Name the three factors that cause electrical accidents?
Most of electrical accidents are the result of one of three following factors:
- Unsafe equipment or installation,
- Unsafe environment, or
- Unsafe work practices.
WHY IS IT RIGHT
Hazards / Dangers associated with electricity affect the majority of workplaces. In general industry, construction, or farming electrical hazards / dangers are present. The task is to have the ability to identify and recognize electrical hazards around you and then to reduce / mitigate and eliminate them.
Electricity flows more easily through some materials than others. Some substances such as metals generally offer very little resistance to the flow of electric current and are called ” conductors.” A common but perhaps overlooked conductor is the surface or subsurface of the earth. Glass, plastic, porcelain, clay, pottery, dry wood, and similar substances generally slow or stop the flow of electricity. They are called ” insulators.” Even air, normally an insulator, can become a conductor, as occurs during an arc or lightning stroke.
INJURIES / FATALITIES
Workers in almost every work environment are exposed to electrical currents powerful enough to cause death by electrocution. Yet many workers are unaware of the potential hazards, which makes them even more vulnerable to the dangers.
There are four main types of injuries that can result from electrical currents. These are:
- Electric shock;
- Burns; and
- Falls, which may occur when a worker contacts electrical energy.
ELECTRICAL EFFECTS OF SHOCKS
An electric shock can result in anything from a slight tingling sensation to immediate cardiac arrest. The severity depends on the following:
- the amount of current flowing through the body,
- the current’s path through the body,
- the length of time the body remains in the circuit, and
- the current’s frequency.
Electricity is always trying to find its way to the ground. When electricity flows, it takes the path of least resistance. Materials with a low resistance to electricity are known as conductors. Moisture is a good conductor of electrical current. Unfortunately, so is the human body.
When you touch a live electrical component, you can provide the electricity with an easy route to the ground. This is especially true if your hands are moist, or if you’re touching something metal which is touching the ground, such as a metal ladder, another wire or plumbing.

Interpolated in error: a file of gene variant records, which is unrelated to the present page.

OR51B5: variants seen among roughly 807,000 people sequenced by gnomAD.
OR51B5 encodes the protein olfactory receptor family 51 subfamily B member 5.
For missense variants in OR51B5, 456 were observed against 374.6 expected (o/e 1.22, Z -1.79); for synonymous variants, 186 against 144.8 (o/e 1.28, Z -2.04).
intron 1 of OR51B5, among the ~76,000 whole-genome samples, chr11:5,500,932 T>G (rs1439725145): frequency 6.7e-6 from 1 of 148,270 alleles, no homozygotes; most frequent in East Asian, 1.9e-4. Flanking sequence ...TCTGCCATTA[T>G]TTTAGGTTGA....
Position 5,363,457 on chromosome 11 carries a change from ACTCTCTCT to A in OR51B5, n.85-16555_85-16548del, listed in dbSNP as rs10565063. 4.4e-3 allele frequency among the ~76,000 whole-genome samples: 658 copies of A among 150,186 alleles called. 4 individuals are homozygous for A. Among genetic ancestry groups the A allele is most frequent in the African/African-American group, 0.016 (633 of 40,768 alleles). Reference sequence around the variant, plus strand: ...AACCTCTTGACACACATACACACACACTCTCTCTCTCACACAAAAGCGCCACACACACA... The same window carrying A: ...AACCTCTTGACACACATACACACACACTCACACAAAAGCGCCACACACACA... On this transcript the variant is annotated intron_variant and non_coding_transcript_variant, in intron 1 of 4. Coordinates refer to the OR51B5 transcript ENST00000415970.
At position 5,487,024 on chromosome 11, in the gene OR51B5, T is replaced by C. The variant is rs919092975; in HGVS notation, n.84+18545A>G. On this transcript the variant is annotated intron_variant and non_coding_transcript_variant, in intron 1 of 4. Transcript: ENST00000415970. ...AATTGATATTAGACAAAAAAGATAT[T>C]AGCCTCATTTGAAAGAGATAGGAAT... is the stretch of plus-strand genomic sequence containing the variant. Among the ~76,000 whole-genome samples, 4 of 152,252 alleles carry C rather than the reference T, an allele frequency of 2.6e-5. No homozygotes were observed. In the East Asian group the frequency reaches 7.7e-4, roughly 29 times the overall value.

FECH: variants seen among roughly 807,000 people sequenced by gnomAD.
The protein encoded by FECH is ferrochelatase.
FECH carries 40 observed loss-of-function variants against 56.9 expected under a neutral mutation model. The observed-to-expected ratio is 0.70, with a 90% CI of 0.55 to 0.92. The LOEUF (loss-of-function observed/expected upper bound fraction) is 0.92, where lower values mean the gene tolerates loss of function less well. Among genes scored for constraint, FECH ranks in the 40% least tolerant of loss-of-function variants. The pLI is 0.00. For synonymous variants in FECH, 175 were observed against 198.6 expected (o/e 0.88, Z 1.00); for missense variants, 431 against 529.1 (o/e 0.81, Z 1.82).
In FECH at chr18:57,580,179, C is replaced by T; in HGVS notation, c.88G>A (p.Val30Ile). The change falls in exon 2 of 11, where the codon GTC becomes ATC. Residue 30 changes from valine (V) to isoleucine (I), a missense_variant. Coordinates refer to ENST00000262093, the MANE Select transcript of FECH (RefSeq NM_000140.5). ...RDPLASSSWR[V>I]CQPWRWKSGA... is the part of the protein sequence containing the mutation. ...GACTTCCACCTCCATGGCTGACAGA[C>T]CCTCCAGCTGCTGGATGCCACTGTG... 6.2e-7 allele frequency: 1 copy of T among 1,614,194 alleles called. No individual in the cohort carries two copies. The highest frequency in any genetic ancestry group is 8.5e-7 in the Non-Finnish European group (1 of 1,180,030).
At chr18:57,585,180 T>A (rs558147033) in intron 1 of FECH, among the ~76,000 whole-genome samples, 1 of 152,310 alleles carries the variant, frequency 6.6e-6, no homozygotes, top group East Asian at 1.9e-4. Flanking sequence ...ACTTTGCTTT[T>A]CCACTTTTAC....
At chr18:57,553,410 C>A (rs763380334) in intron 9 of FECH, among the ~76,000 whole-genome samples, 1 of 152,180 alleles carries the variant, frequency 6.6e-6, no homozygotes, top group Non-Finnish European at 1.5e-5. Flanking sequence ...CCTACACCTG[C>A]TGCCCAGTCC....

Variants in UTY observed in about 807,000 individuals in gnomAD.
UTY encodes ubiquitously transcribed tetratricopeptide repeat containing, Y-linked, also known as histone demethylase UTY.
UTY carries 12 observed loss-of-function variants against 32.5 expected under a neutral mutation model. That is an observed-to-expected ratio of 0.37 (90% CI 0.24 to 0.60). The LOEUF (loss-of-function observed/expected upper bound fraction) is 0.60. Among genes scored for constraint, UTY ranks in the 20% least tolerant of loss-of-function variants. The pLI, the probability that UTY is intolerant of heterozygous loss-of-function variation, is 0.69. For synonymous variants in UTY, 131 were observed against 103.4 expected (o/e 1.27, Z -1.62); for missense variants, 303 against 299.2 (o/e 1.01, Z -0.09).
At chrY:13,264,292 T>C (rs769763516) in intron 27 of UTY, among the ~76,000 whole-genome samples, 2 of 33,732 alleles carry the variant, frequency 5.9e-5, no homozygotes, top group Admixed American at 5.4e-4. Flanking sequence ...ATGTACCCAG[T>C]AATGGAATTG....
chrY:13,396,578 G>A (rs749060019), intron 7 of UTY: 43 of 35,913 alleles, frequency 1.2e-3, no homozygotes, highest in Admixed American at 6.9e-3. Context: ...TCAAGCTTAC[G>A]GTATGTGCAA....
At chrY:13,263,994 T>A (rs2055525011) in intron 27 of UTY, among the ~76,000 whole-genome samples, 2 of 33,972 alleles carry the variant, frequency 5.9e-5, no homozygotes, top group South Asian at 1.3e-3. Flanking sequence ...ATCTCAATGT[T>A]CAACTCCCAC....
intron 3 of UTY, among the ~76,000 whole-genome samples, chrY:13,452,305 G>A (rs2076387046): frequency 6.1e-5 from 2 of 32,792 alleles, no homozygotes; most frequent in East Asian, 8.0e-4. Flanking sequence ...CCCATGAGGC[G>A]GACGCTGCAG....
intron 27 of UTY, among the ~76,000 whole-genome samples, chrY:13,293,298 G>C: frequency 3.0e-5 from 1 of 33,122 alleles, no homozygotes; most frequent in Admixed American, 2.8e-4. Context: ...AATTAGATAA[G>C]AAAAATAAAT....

When the electricity passes through your body, you receive an electrical shock. If you’re extremely lucky it could be a mild shock. But sometimes even a small flow of electrical current can cause heart failure, brain damage or severe internal burns leading to death.
Here are Ten General Safety Tips for Working With or Near Electricity.
- Don’t stand in wet areas when using electrical tools.
- Inspect cords for damage or wear prior to each use.
- Unplug machinery, power tools and appliances before cleaning, inspecting, repairing or removing something from them.
- When unplugging a cord from an outlet, pull on the plug, not the cord. Pulling on the cord causes wear and may lead to a shock.
- If outlets or switches feel unusually warm, don’t use them and get a qualified electrician to check the wiring.
WHY IS EVERYTHING ELSE WRONG
It’s important to take the time prior to beginning work at construction sites each day. The fluid nature of the activities, along with the changing environment and high potential for damage can let these items become a hazard quickly.
Electrical “Ground” Rules
- The risk of shock or electrocution is greatest around metal objects and in damp conditions.
- make sure all electric equipment, switch enclosures, and conduit systems are properly grounded and that all external or damp operations are wired for wet conditions.
- When working in damp areas, wear personal protective equipment such as rubber gloves and boots; use rubber mats, insulated tools, and rubber sheets to protect you from exposed metal.
- Keep your electrical system in good operating condition.
- Damage and injuries can occur when equipment is defective. So, inspect your electrical equipment, outlets, plugs, and cords before each use.
- Remove, tag, and have repaired any faulty equipment. Make sure outlets and cords are of adequate size and length to prevent electric overload.
- If cords must cross a traffic area, protect them with planks or other means.
- Make sure you and other workers follow lockout and tagout procedures.
- Treat every electric wire as if it were a live one.
- Stop using a tool or appliance if a slight shock or tingling is felt.
- Turn off the power if the smell of hot or burning substance is detected or if smoke, sparks, or flickering lights are noticed.
- Contact with overhead power supply lines is a frequent electrical-related killer.
- Workers using high clearance devices should continually be aware of the dangers and take sensible precautions to avoid contact with overhead lines.
- If an overhead line breaks, keep away from the wire and everything it touches then call the power company to shut off the electricity.
- Only qualified electricians should repair electrical equipment or work on energized lines.